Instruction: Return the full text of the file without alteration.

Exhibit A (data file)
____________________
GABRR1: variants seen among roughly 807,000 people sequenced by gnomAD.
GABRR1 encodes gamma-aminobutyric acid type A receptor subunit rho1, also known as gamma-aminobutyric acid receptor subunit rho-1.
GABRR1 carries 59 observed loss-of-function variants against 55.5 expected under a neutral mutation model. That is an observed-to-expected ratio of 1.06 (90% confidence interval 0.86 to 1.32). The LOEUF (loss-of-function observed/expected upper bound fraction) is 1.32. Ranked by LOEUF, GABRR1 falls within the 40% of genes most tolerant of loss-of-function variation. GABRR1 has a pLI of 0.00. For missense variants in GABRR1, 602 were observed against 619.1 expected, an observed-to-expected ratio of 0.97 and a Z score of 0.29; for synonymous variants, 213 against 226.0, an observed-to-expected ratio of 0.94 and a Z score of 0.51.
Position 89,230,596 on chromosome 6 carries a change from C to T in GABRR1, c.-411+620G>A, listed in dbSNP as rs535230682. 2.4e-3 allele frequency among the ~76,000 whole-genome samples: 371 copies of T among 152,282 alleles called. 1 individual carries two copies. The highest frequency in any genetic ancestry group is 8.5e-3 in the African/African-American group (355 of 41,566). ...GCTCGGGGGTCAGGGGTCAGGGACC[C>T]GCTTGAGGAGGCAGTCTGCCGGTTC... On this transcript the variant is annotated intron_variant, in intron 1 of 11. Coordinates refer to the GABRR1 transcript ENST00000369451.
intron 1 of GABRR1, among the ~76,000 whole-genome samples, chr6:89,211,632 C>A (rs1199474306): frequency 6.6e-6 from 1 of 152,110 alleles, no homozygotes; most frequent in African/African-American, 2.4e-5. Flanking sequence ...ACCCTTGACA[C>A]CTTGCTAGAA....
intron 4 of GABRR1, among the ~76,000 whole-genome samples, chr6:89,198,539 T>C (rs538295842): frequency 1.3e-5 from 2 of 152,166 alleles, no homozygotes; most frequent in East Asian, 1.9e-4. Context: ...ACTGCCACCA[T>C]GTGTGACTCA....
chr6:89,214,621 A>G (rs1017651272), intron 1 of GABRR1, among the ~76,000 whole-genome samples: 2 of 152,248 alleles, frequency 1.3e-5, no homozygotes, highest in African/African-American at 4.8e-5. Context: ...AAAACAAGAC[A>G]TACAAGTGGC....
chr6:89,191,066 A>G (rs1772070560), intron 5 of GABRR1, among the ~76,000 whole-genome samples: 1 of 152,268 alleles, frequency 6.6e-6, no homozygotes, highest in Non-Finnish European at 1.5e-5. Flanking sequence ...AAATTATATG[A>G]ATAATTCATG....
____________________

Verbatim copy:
GABRR1: variants seen among roughly 807,000 people sequenced by gnomAD.
GABRR1 encodes gamma-aminobutyric acid type A receptor subunit rho1, also known as gamma-aminobutyric acid receptor subunit rho-1.
GABRR1 carries 59 observed loss-of-function variants against 55.5 expected under a neutral mutation model. That is an observed-to-expected ratio of 1.06 (90% confidence interval 0.86 to 1.32). The LOEUF (loss-of-function observed/expected upper bound fraction) is 1.32. Ranked by LOEUF, GABRR1 falls within the 40% of genes most tolerant of loss-of-function variation. GABRR1 has a pLI of 0.00. For missense variants in GABRR1, 602 were observed against 619.1 expected, an observed-to-expected ratio of 0.97 and a Z score of 0.29; for synonymous variants, 213 against 226.0, an observed-to-expected ratio of 0.94 and a Z score of 0.51.
Position 89,230,596 on chromosome 6 carries a change from C to T in GABRR1, c.-411+620G>A, listed in dbSNP as rs535230682. 2.4e-3 allele frequency among the ~76,000 whole-genome samples: 371 copies of T among 152,282 alleles called. 1 individual carries two copies. The highest frequency in any genetic ancestry group is 8.5e-3 in the African/African-American group (355 of 41,566). ...GCTCGGGGGTCAGGGGTCAGGGACC[C>T]GCTTGAGGAGGCAGTCTGCCGGTTC... On this transcript the variant is annotated intron_variant, in intron 1 of 11. Coordinates refer to the GABRR1 transcript ENST00000369451.
intron 1 of GABRR1, among the ~76,000 whole-genome samples, chr6:89,211,632 C>A (rs1199474306): frequency 6.6e-6 from 1 of 152,110 alleles, no homozygotes; most frequent in African/African-American, 2.4e-5. Flanking sequence ...ACCCTTGACA[C>A]CTTGCTAGAA....
intron 4 of GABRR1, among the ~76,000 whole-genome samples, chr6:89,198,539 T>C (rs538295842): frequency 1.3e-5 from 2 of 152,166 alleles, no homozygotes; most frequent in East Asian, 1.9e-4. Context: ...ACTGCCACCA[T>C]GTGTGACTCA....
chr6:89,214,621 A>G (rs1017651272), intron 1 of GABRR1, among the ~76,000 whole-genome samples: 2 of 152,248 alleles, frequency 1.3e-5, no homozygotes, highest in African/African-American at 4.8e-5. Context: ...AAAACAAGAC[A>G]TACAAGTGGC....
chr6:89,191,066 A>G (rs1772070560), intron 5 of GABRR1, among the ~76,000 whole-genome samples: 1 of 152,268 alleles, frequency 6.6e-6, no homozygotes, highest in Non-Finnish European at 1.5e-5. Flanking sequence ...AAATTATATG[A>G]ATAATTCATG....